Aspects and Expectations
By Janne Järvinen, Gr lll
The History of Times to Come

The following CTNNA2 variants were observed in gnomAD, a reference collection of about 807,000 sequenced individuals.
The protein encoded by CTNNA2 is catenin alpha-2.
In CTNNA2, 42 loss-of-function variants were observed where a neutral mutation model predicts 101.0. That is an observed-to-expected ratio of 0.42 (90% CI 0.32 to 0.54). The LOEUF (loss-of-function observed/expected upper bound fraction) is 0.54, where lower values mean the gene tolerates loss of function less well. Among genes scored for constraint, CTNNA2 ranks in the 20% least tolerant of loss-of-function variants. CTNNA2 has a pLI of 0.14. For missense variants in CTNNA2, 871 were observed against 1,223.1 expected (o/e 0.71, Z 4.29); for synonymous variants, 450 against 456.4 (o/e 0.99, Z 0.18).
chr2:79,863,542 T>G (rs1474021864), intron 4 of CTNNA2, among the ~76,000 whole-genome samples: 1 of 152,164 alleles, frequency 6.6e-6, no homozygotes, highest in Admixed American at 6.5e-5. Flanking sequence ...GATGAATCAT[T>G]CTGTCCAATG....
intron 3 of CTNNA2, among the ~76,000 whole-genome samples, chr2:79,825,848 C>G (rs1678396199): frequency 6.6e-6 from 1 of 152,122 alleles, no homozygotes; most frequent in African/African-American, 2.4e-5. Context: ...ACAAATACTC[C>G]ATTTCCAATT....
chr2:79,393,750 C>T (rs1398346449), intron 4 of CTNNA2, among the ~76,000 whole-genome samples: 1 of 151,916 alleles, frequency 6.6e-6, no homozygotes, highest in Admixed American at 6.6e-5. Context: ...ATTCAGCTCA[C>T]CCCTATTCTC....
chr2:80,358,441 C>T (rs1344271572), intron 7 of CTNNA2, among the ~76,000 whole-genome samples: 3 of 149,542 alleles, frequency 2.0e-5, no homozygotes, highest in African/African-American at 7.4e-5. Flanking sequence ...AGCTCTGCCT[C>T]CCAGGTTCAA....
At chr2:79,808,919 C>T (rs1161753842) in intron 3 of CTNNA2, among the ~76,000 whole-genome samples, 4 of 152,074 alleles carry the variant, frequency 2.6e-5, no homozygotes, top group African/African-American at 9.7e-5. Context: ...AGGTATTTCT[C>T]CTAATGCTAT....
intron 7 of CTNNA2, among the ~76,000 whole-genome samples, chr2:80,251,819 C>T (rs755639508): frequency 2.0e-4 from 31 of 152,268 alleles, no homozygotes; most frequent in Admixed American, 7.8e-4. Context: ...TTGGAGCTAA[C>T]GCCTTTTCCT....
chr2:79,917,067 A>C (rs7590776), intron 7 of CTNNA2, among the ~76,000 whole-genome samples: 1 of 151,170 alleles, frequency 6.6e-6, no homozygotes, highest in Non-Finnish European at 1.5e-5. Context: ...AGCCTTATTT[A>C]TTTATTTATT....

The term cyberpunk was first used in the mid 80´s to describe a new literal "movement" or style in the field of science fiction. It was different from traditional scifi in almost everything. The attitude towards questions of "human values" and meaning of technology, life and vision of the future were but refreshing and exciting, also controversial. Those in favor of traditional "hippie scifi", as I like to call it, recented the thoughts of the future not being a bliss of high moral values and nice little people doing nice little things. The future in cyberpunk is dark, pessimistic and very down-to-earth in certain sense. I will name more of characteristics later but now I tell more about the beginning of the movement. First of all, this was the beginning of the age of personal computers, videogames, computer graphics, networks, hackers, crackers and microchips. Bulky and slow as they may have been, they were something new. The "creator" of cyberpunk is usually concidered to be one William Gibson. Gibson´s work is seen almost as the ultimate truth and it defines the right and wrong elements in cyberpunk. This is of course very much unorthodox in terms of postmodernity but science fiction in general likes to see subjects as a whole and thus set boundaries or limits to them. Cyberpunk is also firmly connected to the New Media, because it´s main themes include the few "true" new media aspects of global networks and virtual reality. Gibson´s first works "Johnny Mnemonic" and "Burning Chrome" were stirring the field of scifi but the jackpot was hit with the "Neuromancer". It won several awards, including Hugo, Nebula and Philip K. Dick awards. In short, tells a story of a "consolecowboy" who seeks his lost "netrunning" skills. This ability to function in cyberspace is the most valuable asset he has and he´s willing to do almost anything to get it back. The book basically defines the cyberpunk genre and introduces many of concepts used today when discussing about the Net, cyberspace and other aspects in the field of new media. The term cyberspace, however misused nowadays, comes from Gibson´s "Burning Chrome" and has reached popularity even among those who in fact don´t know what they are talking about. Literary speaking, "Neuromancer" offers very little to new ways to write science fiction but it´s view of the world and future has influenced our culture in one way or another. The other significant piece of work is Ridley Scott´s adaption of Philip K. Dick´s "Do Androids Dream Of Electric Sheep?". This movie (named Blade Runner) is the other of the two "True" cyberpunk works. As "Neuromancer" changed the visions of the future, "Blade Runner" changed the way to make movies out of it. It wasn´t a success at the theatres, although it won the Hugo award. In fact, the producer is said to have said at the awards ceremony that perhaps someone would now go to see it. Nevertheless, the cult value of the film is beyond any doubt. Where "Neuromancer" was connected to issues of cyberspace, "Blade Runner" was a bout the streets, the technological advances, androids (replicants), geopolitical changes and of what happens when you put them all together.